Participating in either a short sale or a foreclosure is never a fun ordeal, but when it comes down to it to have a short sale on your record as opposed to a foreclosure you look much better on paper—consider it a ‘resume booster’ for your credit report. Also, those with short sales are welcomed back into the housing market much faster than those with foreclosures. Some borrowers with a short sale can be welcomed back into the market in as quick as no time at all, if it is an FHA loan and “given that the borrower did not default on the prior mortgage at the time of the short sale, and all of the other payments on the previous loan (as well as other debt payments) were on time for 12 months before the date of the short sale, as long as it does not appear that the borrower was taking advantage of the mortgage market and attempting to purchase the same kind/size of home in the same proximity of the home that was short sold” as told in my previous article regarding short sales, entitled “Homeownership After a Short Sale”. However, short sales are frequently mistakenly recorded on the borrowers’ credit report as a foreclosure.
A foreclosure on the credit report instead of a short sale can set credit scores back farther and also may exile that borrower out of the housing marketing for much longer than they would with a short sale – seven years. A short sale merely damages credit scores, while foreclosures butcher them. The reason for this misrepresentation on the credit report is that the mortgage industry does not have a separate reporting code for short sales, which leads us all to the question, why not? Senator Bill Nelson recently brought attention to the subject and made it the center of a federal investigation as to why the separate code ceases to exist.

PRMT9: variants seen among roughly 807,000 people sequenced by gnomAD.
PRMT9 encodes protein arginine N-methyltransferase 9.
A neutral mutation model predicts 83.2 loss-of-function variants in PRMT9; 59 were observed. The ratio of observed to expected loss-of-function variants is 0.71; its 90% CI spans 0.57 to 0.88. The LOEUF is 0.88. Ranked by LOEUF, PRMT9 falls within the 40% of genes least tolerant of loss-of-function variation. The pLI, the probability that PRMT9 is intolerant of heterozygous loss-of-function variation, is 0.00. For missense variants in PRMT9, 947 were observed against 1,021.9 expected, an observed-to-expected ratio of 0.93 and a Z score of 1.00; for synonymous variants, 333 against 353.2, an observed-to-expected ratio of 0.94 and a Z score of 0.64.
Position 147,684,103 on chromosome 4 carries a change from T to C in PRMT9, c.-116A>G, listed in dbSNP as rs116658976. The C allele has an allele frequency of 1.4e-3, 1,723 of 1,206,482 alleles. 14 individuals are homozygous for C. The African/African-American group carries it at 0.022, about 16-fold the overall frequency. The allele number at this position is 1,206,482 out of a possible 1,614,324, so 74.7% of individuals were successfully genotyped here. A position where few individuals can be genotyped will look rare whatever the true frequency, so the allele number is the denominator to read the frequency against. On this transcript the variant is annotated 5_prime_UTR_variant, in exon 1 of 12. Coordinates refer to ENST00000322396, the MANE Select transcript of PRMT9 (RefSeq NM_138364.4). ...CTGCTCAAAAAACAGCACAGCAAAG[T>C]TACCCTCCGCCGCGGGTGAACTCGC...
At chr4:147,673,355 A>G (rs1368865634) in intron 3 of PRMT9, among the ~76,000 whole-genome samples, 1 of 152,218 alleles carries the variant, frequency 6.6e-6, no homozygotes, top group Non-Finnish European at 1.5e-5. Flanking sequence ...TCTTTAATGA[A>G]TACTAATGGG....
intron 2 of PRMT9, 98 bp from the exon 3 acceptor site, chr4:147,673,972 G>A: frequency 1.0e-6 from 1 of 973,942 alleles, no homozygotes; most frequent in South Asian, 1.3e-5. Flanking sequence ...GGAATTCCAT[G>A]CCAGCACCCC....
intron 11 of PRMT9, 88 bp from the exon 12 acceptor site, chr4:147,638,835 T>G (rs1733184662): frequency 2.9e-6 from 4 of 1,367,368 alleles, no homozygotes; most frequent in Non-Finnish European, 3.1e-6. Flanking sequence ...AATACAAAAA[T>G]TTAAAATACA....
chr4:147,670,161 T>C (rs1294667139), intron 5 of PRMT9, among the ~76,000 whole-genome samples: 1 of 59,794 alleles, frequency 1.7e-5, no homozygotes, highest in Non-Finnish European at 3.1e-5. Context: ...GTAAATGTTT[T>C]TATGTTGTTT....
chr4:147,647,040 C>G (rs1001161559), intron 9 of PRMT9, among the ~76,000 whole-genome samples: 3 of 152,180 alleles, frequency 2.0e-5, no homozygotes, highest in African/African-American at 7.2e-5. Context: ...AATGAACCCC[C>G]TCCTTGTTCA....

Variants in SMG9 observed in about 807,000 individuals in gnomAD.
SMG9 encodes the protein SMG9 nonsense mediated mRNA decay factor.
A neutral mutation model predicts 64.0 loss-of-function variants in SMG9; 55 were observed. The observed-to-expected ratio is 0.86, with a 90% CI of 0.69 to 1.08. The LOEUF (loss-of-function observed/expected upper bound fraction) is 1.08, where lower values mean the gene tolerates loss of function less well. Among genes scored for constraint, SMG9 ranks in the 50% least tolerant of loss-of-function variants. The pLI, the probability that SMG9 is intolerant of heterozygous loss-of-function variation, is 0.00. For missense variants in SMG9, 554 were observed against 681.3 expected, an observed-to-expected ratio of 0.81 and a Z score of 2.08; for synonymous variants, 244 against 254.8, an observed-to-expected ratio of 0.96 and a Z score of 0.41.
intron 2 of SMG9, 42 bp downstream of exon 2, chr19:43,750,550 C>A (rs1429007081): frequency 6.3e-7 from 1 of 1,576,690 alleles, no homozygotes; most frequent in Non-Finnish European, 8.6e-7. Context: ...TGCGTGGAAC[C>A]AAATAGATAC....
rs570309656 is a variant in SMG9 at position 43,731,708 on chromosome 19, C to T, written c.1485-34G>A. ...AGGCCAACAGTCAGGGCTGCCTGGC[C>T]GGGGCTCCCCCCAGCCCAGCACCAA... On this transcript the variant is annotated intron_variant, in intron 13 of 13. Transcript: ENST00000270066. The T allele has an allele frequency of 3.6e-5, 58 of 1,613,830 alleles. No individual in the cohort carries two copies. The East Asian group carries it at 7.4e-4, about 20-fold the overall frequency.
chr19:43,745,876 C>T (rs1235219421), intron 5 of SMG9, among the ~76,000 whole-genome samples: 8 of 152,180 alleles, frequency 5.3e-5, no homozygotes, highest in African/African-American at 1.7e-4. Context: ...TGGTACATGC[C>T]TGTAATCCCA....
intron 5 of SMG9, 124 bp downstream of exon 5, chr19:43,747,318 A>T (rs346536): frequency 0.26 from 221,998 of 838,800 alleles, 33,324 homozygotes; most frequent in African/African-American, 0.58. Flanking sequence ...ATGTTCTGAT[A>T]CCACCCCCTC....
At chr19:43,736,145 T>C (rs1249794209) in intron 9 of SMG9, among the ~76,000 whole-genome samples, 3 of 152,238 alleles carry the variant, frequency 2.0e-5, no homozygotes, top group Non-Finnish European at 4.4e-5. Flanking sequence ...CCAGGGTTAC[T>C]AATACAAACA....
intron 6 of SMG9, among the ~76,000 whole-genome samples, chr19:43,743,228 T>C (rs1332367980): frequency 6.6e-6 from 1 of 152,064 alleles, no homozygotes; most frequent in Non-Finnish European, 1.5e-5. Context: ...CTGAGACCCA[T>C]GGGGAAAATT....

ABC Action News reported that Fannie Mae recognized that they “cannot identify short sales on the credit report data”. With this being the case, the next step was to hit up the credit reporting agencies. Experian credit reporting agency stated, “the shorts sales and foreclosures are being coded correctly on Experian’s credit reports. Where we have found the discrepancies occurring is in the underwriting process”. As 2.2 million people opted for short sales since the crash of the housing market, and with all of the agencies placing the blame on the next guy, homeowner’s need to take matters into their own hands if they ever want to buy in the near future. This should not only be said for home buying, either. The amount of damage that the foreclosure has on the credit score can severely hinder the borrower from obtaining a fair car loan or making other large purchases without being subject to astronomical interest rates and unfair terms. Borrowers need to demand a letter from their lender stating that it was a short sale, and any markings of foreclosure should be deleted immediately. We can’t make any promises that it will be smooth sailing from there forth, but the key is to follow up with your new lender with regards to the matter as much as humanly possible to the point that they know they must tend to your file. Homeownership is our right as Americans, but as much of a nuisance as it is, there are times when we have to be very proactive to attain our goals.